destruction. Raids can thus be projected as the more moderate alternative to
the devastating capacity that the military actually possesses and will unleash
if the enemy exceeds the acceptable level of violence or breaches some
unspoken agreement. In terms of military operational theory it is essential never to use ones full destructive
capacity but rather to maintain the potential to escalate the level of atrocity. Otherwise threats become meaningless.

AT: Alt links to the K


The alt does not link to the K.
Albertsen & Diken 2001 (Niels, professor of political science,
Aarhus School of Architecture, and Diken, professor of sociology,
Lancaster University, Mobility, Justification,
and the City, Nordic Journal Architectural Research, Vol. 14, No.
1, http://eprints.lancs.ac.uk/14140/.)
In our framework, there is a fourth form of mobility, which has nothing
to do with physical movement. In this context Deleuze and Guattaris
concept of nomadism is particularly interesting. Nomadism is associated
with a particular sort of mobility, which is not linear, that is, directed from a
fixed point to another, but which deviates to a minimum extent. Hence,
the opposition between the Nomad and the non-Nomad is not that of
the mobile and the immobile. The opposition is between speed and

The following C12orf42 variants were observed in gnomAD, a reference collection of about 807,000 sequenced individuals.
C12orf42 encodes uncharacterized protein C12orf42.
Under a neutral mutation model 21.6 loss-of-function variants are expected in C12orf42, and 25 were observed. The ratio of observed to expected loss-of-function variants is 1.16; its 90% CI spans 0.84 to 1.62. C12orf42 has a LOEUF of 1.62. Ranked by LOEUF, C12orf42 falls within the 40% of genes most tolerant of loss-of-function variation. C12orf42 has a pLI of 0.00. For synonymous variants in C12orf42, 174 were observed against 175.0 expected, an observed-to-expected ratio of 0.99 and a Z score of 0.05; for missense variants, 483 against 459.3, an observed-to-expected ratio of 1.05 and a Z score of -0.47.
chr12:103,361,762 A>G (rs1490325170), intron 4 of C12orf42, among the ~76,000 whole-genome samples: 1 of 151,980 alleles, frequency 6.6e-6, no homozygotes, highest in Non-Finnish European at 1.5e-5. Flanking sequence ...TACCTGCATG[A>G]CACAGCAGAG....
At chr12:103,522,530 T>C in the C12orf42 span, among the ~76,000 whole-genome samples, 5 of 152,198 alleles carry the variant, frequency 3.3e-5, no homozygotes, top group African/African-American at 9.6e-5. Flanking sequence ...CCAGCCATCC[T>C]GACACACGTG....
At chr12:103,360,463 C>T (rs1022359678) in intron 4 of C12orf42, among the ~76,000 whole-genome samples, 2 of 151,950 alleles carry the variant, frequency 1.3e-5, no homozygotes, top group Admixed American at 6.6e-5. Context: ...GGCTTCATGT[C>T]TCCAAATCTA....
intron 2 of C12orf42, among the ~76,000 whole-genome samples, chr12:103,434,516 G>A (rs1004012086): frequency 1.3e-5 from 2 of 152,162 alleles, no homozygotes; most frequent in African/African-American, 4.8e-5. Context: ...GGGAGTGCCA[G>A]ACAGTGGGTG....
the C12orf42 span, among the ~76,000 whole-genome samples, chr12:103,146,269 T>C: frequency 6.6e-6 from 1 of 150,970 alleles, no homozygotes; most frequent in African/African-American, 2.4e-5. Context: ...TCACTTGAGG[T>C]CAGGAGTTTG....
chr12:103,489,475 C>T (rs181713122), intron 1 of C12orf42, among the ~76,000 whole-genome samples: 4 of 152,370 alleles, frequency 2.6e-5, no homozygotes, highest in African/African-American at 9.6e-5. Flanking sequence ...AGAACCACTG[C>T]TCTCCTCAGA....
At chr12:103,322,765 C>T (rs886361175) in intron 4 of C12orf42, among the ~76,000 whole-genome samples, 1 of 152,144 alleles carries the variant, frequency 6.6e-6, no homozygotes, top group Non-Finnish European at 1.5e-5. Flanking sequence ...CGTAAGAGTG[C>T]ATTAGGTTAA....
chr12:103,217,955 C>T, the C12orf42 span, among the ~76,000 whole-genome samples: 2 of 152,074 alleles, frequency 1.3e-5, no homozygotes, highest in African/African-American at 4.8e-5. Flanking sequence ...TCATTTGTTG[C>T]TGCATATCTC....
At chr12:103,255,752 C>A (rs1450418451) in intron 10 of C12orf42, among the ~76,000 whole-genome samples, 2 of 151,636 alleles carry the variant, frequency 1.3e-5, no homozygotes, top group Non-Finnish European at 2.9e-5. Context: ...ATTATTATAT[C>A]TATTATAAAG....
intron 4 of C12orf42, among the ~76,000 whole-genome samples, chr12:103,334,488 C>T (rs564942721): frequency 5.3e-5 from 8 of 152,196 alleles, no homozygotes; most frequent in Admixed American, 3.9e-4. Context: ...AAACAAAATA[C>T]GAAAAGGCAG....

movement. Speed means, above all, a deviation, however slowly from
fixation and linear movement.7 It is thus by speed, and not
necessarily by physical movement, Deleuze and Guattaris nomadic
space is constructed. Likewise, Baumans exile creates, by staying
non-socialized, or non-integrated, a place of ones own.8 It is
no surprise, then, some philosophers, who are often criticised for
romanticising mobility, are in fact not so keen on travelling. Hence, you
shouldnt move around too much, or youll stifle becomings, says
Deleuze. He adds, by referring to Toynbee: the nomads are those who
dont move on, they become nomads because they refuse to
disappear

AFF Answers

Nomadology is Bad
AFF The state military apparatus utilizes nomadic tactics
to annihilate indigenous populations. Sedentary
institutions and international laws actually constrain state
power and prevent brutality.
Watson 2005 (Janell, Prof. @ Virginia Tech & Editor of Minnesota
Review. Oil Wars, or the Extrastate Conflict Beyond the Line:
Schmitts Nomos, Deleuzes War Machine, and the New Order of
the Earth. South Atlantic Quarterly 104:2.)

certain historical moments favor the state


military over the nomadic war machine, especially when
technological changes also affect the ability of weak states to resist
their more powerful rivals. There are great military machines that
only states can afford, such as the stealth bombers and tanks currently in use in the Middle
East. Furthermore, the divide between the state military and the nomadic
war machine is not always cut and dried. Modern armies have
adopted many nomadic tactics, such as the use of small independent commando units